On Nov. 9, U.S. Central Command said it had killed 64 civilians from November 2015 to September 2016. In July, the Pentagon said there had only been 55 civilian deaths since the start of the campaign.
Advocacy groups that track the U.S.-led airstrikes estimate civilian casualties to be significantly higher and say that the government too often discounts reports from local media outlets and activists on the ground.
With a small ground presence, the U.S.-led campaign is often unable to verify how many people have been killed by a strike except through self-reporting from pilots and surveillance footage. According to Thursday’s statement, the U.S.-led campaign “assesses all incidents as thoroughly as possible” by using “traditional investigative methods . . . and analyzes information provided by government agencies, nongovernmental organizations, partner forces and traditional and social media.”
Thursday’s release found 12 reports received in October to be “noncredible.” Those 12 reports span from Sept. 20, 2015, to Oct. 6, 2016. Seven reports, including some received before October, were found to be credible, while three remain under investigation.
Of the seven credible reports, one stated that on July 18, 2016, up to 24 civilians were killed in a single strike in northern Syria. The date coincides with a highly publicized bombardment that took place overnight from July 18 to July 19 around Tokhar, a village just northwest of the city of Manbij. Activists claimed the strike, carried out by waves of A-10 attack aircraft and a massive Cold War-era B-52 bomber, killed roughly 100 people. Syrian activists said roughly 50 of the dead were civilians seeking shelter from the fighting, while the Pentagon claimed to have struck Islamic State fighters preparing to launch a counterattack on Kurdish and Arab fighters on the town’s outskirts.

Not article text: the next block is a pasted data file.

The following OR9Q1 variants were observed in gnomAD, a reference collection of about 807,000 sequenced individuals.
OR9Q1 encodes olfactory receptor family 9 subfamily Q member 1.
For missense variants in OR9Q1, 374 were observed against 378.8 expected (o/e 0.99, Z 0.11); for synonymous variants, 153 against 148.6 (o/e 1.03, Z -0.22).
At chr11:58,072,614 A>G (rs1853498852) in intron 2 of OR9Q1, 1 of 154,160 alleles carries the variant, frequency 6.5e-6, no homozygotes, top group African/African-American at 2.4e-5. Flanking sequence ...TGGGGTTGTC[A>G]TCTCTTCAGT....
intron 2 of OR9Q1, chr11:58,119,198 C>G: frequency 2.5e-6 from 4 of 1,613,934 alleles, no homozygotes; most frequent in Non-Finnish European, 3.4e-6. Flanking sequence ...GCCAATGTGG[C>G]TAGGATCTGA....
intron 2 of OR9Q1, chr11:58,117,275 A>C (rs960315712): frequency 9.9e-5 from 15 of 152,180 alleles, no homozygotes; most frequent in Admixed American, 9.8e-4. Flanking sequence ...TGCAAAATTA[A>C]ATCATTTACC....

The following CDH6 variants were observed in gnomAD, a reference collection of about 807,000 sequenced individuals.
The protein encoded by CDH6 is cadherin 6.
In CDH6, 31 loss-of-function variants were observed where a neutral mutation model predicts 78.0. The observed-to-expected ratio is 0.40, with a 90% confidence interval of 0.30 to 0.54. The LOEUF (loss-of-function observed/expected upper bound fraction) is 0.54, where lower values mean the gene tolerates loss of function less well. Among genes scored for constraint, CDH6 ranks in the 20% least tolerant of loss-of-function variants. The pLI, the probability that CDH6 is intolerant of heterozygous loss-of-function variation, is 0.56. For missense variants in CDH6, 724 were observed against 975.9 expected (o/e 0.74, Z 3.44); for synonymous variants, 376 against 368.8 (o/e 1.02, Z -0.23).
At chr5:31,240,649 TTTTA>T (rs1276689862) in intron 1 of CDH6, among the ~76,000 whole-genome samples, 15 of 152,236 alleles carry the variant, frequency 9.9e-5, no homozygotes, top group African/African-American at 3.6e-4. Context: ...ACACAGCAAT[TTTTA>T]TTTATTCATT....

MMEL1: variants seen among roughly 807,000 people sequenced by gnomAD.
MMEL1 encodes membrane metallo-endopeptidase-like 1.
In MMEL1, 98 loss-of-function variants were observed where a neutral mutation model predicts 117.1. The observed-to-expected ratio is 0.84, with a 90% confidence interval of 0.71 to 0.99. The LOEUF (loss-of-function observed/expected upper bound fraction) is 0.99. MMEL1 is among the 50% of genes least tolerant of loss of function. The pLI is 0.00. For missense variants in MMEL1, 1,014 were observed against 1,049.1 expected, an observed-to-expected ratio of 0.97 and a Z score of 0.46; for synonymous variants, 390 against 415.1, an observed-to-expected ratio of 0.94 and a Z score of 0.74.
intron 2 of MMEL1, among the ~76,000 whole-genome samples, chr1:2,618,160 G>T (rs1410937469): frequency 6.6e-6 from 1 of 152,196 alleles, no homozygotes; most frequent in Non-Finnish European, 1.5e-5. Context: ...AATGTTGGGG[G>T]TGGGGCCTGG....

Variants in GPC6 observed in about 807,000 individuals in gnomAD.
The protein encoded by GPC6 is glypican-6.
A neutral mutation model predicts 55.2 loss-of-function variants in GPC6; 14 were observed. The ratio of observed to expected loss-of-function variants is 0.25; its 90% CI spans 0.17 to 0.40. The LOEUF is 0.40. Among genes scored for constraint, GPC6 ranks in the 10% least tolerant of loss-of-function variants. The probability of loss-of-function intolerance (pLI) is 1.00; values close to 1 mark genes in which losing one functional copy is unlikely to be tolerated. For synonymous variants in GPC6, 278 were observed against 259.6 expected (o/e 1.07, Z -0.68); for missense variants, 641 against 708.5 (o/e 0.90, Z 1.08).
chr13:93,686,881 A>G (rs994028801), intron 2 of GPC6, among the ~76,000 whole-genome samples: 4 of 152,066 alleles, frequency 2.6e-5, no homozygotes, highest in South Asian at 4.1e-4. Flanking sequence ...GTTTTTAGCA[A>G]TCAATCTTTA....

Pictures posted to social media in the hours after the strike showed dead women and children.
Thursday’s statement on the July 18 airstrike said that “no civilians have been seen in the 24 hours prior to the attack,” and that reports indicated approximately 100 Islamic State fighters were in the area.
“Unknown to coalition planners, civilians were moving around within the military staging area, even as other civilians in the nearby village had departed over the previous days,” the statement said.
It is unclear whether the civilians killed were being used by the Islamic State as human shields, a tactic that the terrorist group has used extensively in recent weeks as Iraqi forces have slowly entered Mosul, Iraq’s second largest city and their largest stronghold in the country since it was seized in 2014. According to Chris Woods, director of Airwars, a Britain-based organization that tracks allegations of civilian deaths, coalition airstrikes have slowed significantly as Iraqi soldiers and Islamic State fighters are often located within yards of one another.
But while much of the focus remains on Mosul, Woods said that the majority of the civilian casualty reports he has seen in the last month have come from predominately around Raqqa, the Islamic State’s de-facto capital. In early October, Secretary of Defense Ashton B. Carter said that U.S.-backed Kurdish and Arab forces, known as the SDF, had begun the arduous task of encircling the city. Woods said those operations — and their supporting airstrikes — have created far higher civilian casualties than anything around Mosul recently. With reports still coming in, Woods was hesitant to give specific numbers.
The only U.S.-acknowledged deaths in Iraq during October were near the town of Fasitiyah. Eight civilians were killed when aircraft struck a building containing Islamic State fighters, the statement said.
At the start of the U.S.-led air campaign, Centcom had released partially redacted investigations into errant airstrikes. It no longer does so. Instead the investigations are now likely only to be released through Freedom of Information Act requests.